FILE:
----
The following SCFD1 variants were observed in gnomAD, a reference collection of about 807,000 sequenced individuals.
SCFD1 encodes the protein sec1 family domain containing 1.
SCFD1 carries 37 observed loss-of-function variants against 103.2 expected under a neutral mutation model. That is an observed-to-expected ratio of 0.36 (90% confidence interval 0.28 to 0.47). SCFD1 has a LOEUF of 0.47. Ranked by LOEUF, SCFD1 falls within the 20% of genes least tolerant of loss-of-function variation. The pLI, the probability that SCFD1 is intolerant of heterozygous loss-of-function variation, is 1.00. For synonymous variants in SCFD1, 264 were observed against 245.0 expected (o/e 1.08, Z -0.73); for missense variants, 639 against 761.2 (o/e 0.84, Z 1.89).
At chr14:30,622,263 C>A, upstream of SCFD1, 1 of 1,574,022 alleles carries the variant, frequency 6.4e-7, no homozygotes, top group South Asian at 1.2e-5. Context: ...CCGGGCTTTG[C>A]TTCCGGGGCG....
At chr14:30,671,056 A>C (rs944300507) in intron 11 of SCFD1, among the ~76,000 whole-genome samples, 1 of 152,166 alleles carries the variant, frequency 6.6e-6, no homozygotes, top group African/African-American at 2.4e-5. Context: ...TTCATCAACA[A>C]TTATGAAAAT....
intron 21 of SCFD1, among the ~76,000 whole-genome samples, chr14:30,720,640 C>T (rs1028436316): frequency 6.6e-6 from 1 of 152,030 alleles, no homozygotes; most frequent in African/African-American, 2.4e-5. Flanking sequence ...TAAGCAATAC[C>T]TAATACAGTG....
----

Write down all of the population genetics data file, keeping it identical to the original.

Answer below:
The following SCFD1 variants were observed in gnomAD, a reference collection of about 807,000 sequenced individuals.
SCFD1 encodes the protein sec1 family domain containing 1.
SCFD1 carries 37 observed loss-of-function variants against 103.2 expected under a neutral mutation model. That is an observed-to-expected ratio of 0.36 (90% confidence interval 0.28 to 0.47). SCFD1 has a LOEUF of 0.47. Ranked by LOEUF, SCFD1 falls within the 20% of genes least tolerant of loss-of-function variation. The pLI, the probability that SCFD1 is intolerant of heterozygous loss-of-function variation, is 1.00. For synonymous variants in SCFD1, 264 were observed against 245.0 expected (o/e 1.08, Z -0.73); for missense variants, 639 against 761.2 (o/e 0.84, Z 1.89).
At chr14:30,622,263 C>A, upstream of SCFD1, 1 of 1,574,022 alleles carries the variant, frequency 6.4e-7, no homozygotes, top group South Asian at 1.2e-5. Context: ...CCGGGCTTTG[C>A]TTCCGGGGCG....
At chr14:30,671,056 A>C (rs944300507) in intron 11 of SCFD1, among the ~76,000 whole-genome samples, 1 of 152,166 alleles carries the variant, frequency 6.6e-6, no homozygotes, top group African/African-American at 2.4e-5. Context: ...TTCATCAACA[A>C]TTATGAAAAT....
intron 21 of SCFD1, among the ~76,000 whole-genome samples, chr14:30,720,640 C>T (rs1028436316): frequency 6.6e-6 from 1 of 152,030 alleles, no homozygotes; most frequent in African/African-American, 2.4e-5. Flanking sequence ...TAAGCAATAC[C>T]TAATACAGTG....